Friday, December 16, 2005


Manuel Ramos

There's been a semi-theme on La Bloga this week about Chicana/o, Mexicana/o youth, hassles inflicted on youth, problems with the schools and education systems, etc. I started to think about several books that also deal with these issues and eventually decided that I would limit this post to a survey of the books of Gloria Velásquez.

One of her publishers, Arte Público, says about Gloria:

"Gloria Velásquez is an award-winning writer of poetry and fiction who graduated from Stanford University in 1985 with a PH.D. in Latin American and Chicano Literatures. She is the author of the Roosevelt High School series of books for young adults, which features a multiracial group of teenaged students who must individually face social and cultural issues (such as violence, sexuality, prejudice and inter-racial dating) inescapable among young adults today. The books in the series are: Juanita Fights the School Board(Piñata Books, 1994); Maya's Divided World, (Piñata Books, 1995); Tommy Stands Alone(Piñata Books, 1995); Rina's Family Secret(Piñata Books, 1998); Ankiza (Piñata Books, 2000); and Teen Angel (Piñata Books, 2003). She is also the author of a collection of poetry, I Used to Be a Superwoman (Arte Público Press, 1997).

Velásquez has received various awards for her poetry and fiction. In 1985, she was the recipient of the 11th Chicano Literary Prize in the Short Story from the University of California at Irvine; and in 1979, Velásquez was awarded the Premier and Deuxieme Prix in poetry from the Department of French & Italian at Stanford University. Velásquez became the first Chicana to be inducted into the University of Northern Colorado's Hall of Fame for her achievements in creative writing in 1989.

Her poetry and short stories have been published in numerous journals and anthologies such as: Chicanos y Chicanas en Diálogo (Quarry West Magazine, 1989); Best New Chicano Literature (Bilingual Review Press, 1989); Neueste Chicano Lyrik (Bamberg, Germany, 1994). Velásquez was featured in Latino Voices in Literature, 1997. ...

Gloria Velásquez is currently a Professor in the Modern Languages and Literatures Department at California Polytechnic State University in San Luis Obispo, California, where she resides with her family."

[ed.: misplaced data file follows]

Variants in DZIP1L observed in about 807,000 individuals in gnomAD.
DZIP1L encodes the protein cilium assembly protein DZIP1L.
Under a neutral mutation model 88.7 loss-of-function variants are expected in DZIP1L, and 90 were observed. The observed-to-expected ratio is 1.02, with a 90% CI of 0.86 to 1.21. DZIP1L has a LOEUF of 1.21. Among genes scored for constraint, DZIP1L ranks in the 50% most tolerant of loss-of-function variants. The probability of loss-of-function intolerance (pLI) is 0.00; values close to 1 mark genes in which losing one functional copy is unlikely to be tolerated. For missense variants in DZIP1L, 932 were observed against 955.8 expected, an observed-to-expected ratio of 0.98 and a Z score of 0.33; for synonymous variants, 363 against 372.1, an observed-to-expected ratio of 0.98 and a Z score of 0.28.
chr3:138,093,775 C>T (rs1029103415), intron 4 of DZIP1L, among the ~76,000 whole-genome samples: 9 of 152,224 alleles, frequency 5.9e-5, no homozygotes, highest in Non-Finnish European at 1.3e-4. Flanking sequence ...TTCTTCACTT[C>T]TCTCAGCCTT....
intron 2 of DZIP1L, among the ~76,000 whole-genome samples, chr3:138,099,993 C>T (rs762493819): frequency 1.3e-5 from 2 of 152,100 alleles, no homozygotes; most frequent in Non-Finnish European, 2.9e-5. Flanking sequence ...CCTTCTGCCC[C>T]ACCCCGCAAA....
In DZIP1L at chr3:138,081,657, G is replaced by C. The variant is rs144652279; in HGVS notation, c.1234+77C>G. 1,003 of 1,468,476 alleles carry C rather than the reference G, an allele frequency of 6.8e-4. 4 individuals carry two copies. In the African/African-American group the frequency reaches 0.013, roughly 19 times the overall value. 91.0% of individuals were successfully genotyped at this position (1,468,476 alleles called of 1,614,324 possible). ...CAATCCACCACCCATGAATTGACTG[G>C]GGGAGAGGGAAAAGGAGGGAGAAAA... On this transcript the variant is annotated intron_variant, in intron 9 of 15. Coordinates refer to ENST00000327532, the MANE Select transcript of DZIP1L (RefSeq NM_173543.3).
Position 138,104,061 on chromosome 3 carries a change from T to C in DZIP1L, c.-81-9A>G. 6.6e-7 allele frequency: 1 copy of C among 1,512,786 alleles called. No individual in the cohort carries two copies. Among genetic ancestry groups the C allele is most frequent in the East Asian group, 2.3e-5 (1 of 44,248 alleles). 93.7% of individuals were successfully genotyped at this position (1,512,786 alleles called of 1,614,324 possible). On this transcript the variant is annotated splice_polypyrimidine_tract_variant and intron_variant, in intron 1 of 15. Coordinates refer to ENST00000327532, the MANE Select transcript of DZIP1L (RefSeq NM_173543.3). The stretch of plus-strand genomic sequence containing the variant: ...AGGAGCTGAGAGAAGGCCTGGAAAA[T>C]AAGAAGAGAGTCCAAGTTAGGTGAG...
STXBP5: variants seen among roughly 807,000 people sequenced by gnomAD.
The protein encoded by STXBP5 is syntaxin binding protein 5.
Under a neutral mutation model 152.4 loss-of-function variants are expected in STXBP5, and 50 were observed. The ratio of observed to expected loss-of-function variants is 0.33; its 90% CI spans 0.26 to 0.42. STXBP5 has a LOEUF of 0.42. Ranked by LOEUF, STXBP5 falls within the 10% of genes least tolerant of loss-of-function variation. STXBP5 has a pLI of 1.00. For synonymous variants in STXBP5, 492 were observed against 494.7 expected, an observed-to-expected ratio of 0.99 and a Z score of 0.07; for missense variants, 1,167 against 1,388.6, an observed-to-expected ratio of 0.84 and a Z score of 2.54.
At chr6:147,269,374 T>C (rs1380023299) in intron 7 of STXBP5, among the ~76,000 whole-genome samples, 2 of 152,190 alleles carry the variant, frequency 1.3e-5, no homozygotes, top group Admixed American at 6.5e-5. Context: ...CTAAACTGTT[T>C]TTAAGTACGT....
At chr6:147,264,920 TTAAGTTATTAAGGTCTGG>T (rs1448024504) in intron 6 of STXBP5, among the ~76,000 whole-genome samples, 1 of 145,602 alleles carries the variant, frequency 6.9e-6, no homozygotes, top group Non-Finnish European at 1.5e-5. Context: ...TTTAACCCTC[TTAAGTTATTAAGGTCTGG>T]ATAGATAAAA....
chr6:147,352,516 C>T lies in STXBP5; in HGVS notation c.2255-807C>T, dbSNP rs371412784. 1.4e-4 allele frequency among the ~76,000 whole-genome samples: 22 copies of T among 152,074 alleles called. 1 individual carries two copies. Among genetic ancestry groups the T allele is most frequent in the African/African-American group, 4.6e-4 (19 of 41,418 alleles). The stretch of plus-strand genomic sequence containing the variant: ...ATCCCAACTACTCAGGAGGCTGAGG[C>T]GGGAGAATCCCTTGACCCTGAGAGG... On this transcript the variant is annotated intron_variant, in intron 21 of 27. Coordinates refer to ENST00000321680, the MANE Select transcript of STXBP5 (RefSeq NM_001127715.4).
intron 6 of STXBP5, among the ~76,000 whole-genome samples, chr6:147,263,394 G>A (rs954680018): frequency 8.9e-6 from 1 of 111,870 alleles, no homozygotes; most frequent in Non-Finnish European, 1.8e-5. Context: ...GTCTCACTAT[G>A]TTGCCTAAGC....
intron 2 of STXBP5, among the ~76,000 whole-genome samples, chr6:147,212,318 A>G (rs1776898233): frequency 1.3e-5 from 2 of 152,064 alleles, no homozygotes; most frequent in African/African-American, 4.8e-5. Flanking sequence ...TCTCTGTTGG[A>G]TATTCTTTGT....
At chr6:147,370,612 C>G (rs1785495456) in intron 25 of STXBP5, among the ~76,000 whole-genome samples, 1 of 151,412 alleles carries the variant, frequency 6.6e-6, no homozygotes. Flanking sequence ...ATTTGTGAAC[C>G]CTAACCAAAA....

Gloria recently was named Poet Laureate of San Luis Obispo for 2006. An article at mentions that she had more than 100 poems published by the time she was 35, and that Tommy Stands Alone was banned from a middle school in Longmont, CO for its story of a gay high school student.

Here’s what a few reviewers have said about some of the books in the Roosevelt High School Series -

Maya’s Divided World: This book deals with divorce and the antisocial reaction of the daughter to her parents’ separation. Booklist said, “there are few young adult books available in which Chicano characters and family life are central, and the author does a nice job of giving readers a window into the culture and providing some positive role models.”

Rina’s Family Secret: A violent, abusive and alcoholic father, a passive mother, and a teenager who must take control of the situation are at the heart of this book. “Velasquez offers a believable portrait of a multiethnic high-school community and realistically captures the emotions and actions (from drunken beach parties to tender moments between caring friends) of the teenagers who are part of it. The Spanish phrases scattered throughout the story ... are easily understood in context and lend further verisimilitude. Although this is the fourth book in the Roosevelt High School Series, it is both strong and complete enough to stand on its own.” Booklist.

Ankiza: "In this fifth book in the series, Ankiza, who is black, starts dating Hunter,who is white. Her friends, parents, his parents, and other students ... do not approve. At first the teen is shocked, and then hurt, confused, and angered by their reactions. It is only when Ankiza gets a nasty, anonymous letter that her friends and family rally around her. The characters are a diverse group and are true to the age group they represent. The author tackles a powerful social issue with compassion and honesty. A good discussion starter with a satisfying ending.” School Library Journal.

Another publisher, Chusma House, says this about her latest collection of poetry, Xicana On The Run:

"In Xicana on the Run, Velásquez reconstructs a Chicana consciousness that addresses issues of politics, love, war, solitude, poverty and feminism. Velásquez's poetry reveals a variety of political perspectives and themes that are both universal and personal. In paying homage to her humble barrio roots, Velasquez includes vintage photographs from her childhood, which illustrate her desire to further immortalize her parents, Juan and Francisca, and her only brother, Fini, who was killed in Vietnam. A foremost Chicana Chingona literary activist, Velásquez succeeds in empowering La Raza, young adults, women, and many other diverse ethnic groups in this powerful and compelling collection of poetry."



msedano said...

what a great discovery! young adult lit offers so much vitally important stuff. sadly, most of my connections into the public schools are retiring. guess i'll have to make friends with their replacements. i have a couple of high school age friends, however, that i'll pass along some of these to--the kids are readers ahua!--and they'll get them into good hands. thanx for the lead.


daniel olivas said...

i knew a little about her but now i know so much more! excellent post, compa.

Steven said...

I've met Gloria and her husband at a Book Fair in Jacksonville (I think). They're good people. Nice to see her getting some recognition.